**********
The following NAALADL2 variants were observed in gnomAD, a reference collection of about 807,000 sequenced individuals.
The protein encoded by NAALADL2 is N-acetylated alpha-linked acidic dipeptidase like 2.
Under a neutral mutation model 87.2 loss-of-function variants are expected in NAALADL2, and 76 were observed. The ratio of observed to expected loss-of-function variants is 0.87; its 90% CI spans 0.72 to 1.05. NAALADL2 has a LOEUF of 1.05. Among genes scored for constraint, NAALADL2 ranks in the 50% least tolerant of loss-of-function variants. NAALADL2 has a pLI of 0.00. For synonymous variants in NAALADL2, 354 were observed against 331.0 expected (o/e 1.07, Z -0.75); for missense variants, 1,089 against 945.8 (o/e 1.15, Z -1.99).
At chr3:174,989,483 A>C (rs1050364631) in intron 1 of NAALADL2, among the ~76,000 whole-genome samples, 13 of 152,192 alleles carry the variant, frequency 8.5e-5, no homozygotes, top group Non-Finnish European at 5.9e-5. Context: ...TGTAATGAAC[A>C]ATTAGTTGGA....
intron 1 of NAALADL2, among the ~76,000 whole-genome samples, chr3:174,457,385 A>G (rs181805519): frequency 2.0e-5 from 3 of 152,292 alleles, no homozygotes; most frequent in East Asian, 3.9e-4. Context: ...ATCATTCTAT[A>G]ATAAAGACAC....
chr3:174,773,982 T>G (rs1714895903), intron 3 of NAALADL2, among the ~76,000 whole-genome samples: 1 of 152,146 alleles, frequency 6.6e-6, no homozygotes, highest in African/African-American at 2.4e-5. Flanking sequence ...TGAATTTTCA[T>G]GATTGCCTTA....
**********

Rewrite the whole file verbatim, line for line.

The following NAALADL2 variants were observed in gnomAD, a reference collection of about 807,000 sequenced individuals.
The protein encoded by NAALADL2 is N-acetylated alpha-linked acidic dipeptidase like 2.
Under a neutral mutation model 87.2 loss-of-function variants are expected in NAALADL2, and 76 were observed. The ratio of observed to expected loss-of-function variants is 0.87; its 90% CI spans 0.72 to 1.05. NAALADL2 has a LOEUF of 1.05. Among genes scored for constraint, NAALADL2 ranks in the 50% least tolerant of loss-of-function variants. NAALADL2 has a pLI of 0.00. For synonymous variants in NAALADL2, 354 were observed against 331.0 expected (o/e 1.07, Z -0.75); for missense variants, 1,089 against 945.8 (o/e 1.15, Z -1.99).
At chr3:174,989,483 A>C (rs1050364631) in intron 1 of NAALADL2, among the ~76,000 whole-genome samples, 13 of 152,192 alleles carry the variant, frequency 8.5e-5, no homozygotes, top group Non-Finnish European at 5.9e-5. Context: ...TGTAATGAAC[A>C]ATTAGTTGGA....
intron 1 of NAALADL2, among the ~76,000 whole-genome samples, chr3:174,457,385 A>G (rs181805519): frequency 2.0e-5 from 3 of 152,292 alleles, no homozygotes; most frequent in East Asian, 3.9e-4. Context: ...ATCATTCTAT[A>G]ATAAAGACAC....
chr3:174,773,982 T>G (rs1714895903), intron 3 of NAALADL2, among the ~76,000 whole-genome samples: 1 of 152,146 alleles, frequency 6.6e-6, no homozygotes, highest in African/African-American at 2.4e-5. Flanking sequence ...TGAATTTTCA[T>G]GATTGCCTTA....